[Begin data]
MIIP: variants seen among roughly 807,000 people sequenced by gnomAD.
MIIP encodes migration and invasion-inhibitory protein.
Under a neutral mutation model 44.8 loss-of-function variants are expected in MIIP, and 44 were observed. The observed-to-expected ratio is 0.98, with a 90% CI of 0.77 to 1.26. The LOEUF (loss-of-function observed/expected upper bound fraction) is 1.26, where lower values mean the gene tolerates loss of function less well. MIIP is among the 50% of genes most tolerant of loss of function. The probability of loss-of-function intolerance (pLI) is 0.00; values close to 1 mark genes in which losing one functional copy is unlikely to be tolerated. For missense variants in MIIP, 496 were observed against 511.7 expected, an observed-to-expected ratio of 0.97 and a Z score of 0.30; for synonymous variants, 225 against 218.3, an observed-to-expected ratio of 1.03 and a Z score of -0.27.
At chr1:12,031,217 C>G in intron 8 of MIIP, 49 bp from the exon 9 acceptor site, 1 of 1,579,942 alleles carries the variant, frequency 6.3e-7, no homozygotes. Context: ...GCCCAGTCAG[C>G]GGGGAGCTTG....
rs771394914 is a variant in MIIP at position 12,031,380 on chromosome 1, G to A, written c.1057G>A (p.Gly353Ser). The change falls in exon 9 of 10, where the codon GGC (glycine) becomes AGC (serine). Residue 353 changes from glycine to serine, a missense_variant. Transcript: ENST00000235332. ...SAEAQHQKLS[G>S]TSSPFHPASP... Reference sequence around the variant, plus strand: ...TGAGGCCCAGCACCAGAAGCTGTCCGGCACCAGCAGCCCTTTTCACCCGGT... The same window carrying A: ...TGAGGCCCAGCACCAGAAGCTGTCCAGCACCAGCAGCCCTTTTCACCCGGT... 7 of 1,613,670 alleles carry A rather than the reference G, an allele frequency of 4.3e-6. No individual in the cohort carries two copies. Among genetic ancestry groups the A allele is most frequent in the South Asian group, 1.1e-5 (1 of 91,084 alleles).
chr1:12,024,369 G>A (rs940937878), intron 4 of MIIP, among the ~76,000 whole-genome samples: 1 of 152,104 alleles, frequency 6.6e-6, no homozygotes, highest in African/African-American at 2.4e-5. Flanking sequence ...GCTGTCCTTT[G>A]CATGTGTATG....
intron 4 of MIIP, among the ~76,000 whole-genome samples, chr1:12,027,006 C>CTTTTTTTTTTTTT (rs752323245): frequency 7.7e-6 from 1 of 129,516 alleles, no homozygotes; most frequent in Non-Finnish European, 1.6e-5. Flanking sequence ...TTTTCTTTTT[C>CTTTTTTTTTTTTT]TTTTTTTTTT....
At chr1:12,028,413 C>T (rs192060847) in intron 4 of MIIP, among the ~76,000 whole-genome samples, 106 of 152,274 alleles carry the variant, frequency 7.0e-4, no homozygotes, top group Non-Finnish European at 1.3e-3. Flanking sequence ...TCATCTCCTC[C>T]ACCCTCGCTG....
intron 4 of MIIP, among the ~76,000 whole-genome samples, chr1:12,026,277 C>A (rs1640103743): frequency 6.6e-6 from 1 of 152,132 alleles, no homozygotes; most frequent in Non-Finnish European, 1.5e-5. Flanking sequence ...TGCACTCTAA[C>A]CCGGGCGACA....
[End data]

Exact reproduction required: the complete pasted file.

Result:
MIIP: variants seen among roughly 807,000 people sequenced by gnomAD.
MIIP encodes migration and invasion-inhibitory protein.
Under a neutral mutation model 44.8 loss-of-function variants are expected in MIIP, and 44 were observed. The observed-to-expected ratio is 0.98, with a 90% CI of 0.77 to 1.26. The LOEUF (loss-of-function observed/expected upper bound fraction) is 1.26, where lower values mean the gene tolerates loss of function less well. MIIP is among the 50% of genes most tolerant of loss of function. The probability of loss-of-function intolerance (pLI) is 0.00; values close to 1 mark genes in which losing one functional copy is unlikely to be tolerated. For missense variants in MIIP, 496 were observed against 511.7 expected, an observed-to-expected ratio of 0.97 and a Z score of 0.30; for synonymous variants, 225 against 218.3, an observed-to-expected ratio of 1.03 and a Z score of -0.27.
At chr1:12,031,217 C>G in intron 8 of MIIP, 49 bp from the exon 9 acceptor site, 1 of 1,579,942 alleles carries the variant, frequency 6.3e-7, no homozygotes. Context: ...GCCCAGTCAG[C>G]GGGGAGCTTG....
rs771394914 is a variant in MIIP at position 12,031,380 on chromosome 1, G to A, written c.1057G>A (p.Gly353Ser). The change falls in exon 9 of 10, where the codon GGC (glycine) becomes AGC (serine). Residue 353 changes from glycine to serine, a missense_variant. Transcript: ENST00000235332. ...SAEAQHQKLS[G>S]TSSPFHPASP... Reference sequence around the variant, plus strand: ...TGAGGCCCAGCACCAGAAGCTGTCCGGCACCAGCAGCCCTTTTCACCCGGT... The same window carrying A: ...TGAGGCCCAGCACCAGAAGCTGTCCAGCACCAGCAGCCCTTTTCACCCGGT... 7 of 1,613,670 alleles carry A rather than the reference G, an allele frequency of 4.3e-6. No individual in the cohort carries two copies. Among genetic ancestry groups the A allele is most frequent in the South Asian group, 1.1e-5 (1 of 91,084 alleles).
chr1:12,024,369 G>A (rs940937878), intron 4 of MIIP, among the ~76,000 whole-genome samples: 1 of 152,104 alleles, frequency 6.6e-6, no homozygotes, highest in African/African-American at 2.4e-5. Flanking sequence ...GCTGTCCTTT[G>A]CATGTGTATG....
intron 4 of MIIP, among the ~76,000 whole-genome samples, chr1:12,027,006 C>CTTTTTTTTTTTTT (rs752323245): frequency 7.7e-6 from 1 of 129,516 alleles, no homozygotes; most frequent in Non-Finnish European, 1.6e-5. Flanking sequence ...TTTTCTTTTT[C>CTTTTTTTTTTTTT]TTTTTTTTTT....
At chr1:12,028,413 C>T (rs192060847) in intron 4 of MIIP, among the ~76,000 whole-genome samples, 106 of 152,274 alleles carry the variant, frequency 7.0e-4, no homozygotes, top group Non-Finnish European at 1.3e-3. Flanking sequence ...TCATCTCCTC[C>T]ACCCTCGCTG....
intron 4 of MIIP, among the ~76,000 whole-genome samples, chr1:12,026,277 C>A (rs1640103743): frequency 6.6e-6 from 1 of 152,132 alleles, no homozygotes; most frequent in Non-Finnish European, 1.5e-5. Flanking sequence ...TGCACTCTAA[C>A]CCGGGCGACA....